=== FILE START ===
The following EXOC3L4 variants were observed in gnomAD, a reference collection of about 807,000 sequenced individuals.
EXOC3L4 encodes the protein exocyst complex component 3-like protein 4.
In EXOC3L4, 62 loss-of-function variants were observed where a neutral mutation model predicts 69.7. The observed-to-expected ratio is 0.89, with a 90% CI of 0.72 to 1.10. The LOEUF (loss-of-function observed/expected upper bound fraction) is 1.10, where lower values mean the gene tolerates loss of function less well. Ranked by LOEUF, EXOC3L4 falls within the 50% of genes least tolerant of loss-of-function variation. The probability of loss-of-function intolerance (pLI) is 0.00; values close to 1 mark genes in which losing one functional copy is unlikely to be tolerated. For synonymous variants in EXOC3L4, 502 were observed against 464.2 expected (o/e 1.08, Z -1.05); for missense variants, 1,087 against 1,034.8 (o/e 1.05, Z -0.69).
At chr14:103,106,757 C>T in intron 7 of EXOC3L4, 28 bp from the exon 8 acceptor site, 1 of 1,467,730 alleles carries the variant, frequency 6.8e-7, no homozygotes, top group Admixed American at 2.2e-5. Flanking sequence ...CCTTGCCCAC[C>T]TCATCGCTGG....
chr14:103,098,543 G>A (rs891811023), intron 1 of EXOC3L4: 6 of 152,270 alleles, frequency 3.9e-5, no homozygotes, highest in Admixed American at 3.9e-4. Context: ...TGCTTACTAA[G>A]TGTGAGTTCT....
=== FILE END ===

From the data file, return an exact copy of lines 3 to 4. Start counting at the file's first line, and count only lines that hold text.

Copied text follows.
In EXOC3L4, 62 loss-of-function variants were observed where a neutral mutation model predicts 69.7. The observed-to-expected ratio is 0.89, with a 90% CI of 0.72 to 1.10. The LOEUF (loss-of-function observed/expected upper bound fraction) is 1.10, where lower values mean the gene tolerates loss of function less well. Ranked by LOEUF, EXOC3L4 falls within the 50% of genes least tolerant of loss-of-function variation. The probability of loss-of-function intolerance (pLI) is 0.00; values close to 1 mark genes in which losing one functional copy is unlikely to be tolerated. For synonymous variants in EXOC3L4, 502 were observed against 464.2 expected (o/e 1.08, Z -1.05); for missense variants, 1,087 against 1,034.8 (o/e 1.05, Z -0.69).
At chr14:103,106,757 C>T in intron 7 of EXOC3L4, 28 bp from the exon 8 acceptor site, 1 of 1,467,730 alleles carries the variant, frequency 6.8e-7, no homozygotes, top group Admixed American at 2.2e-5. Flanking sequence ...CCTTGCCCAC[C>T]TCATCGCTGG....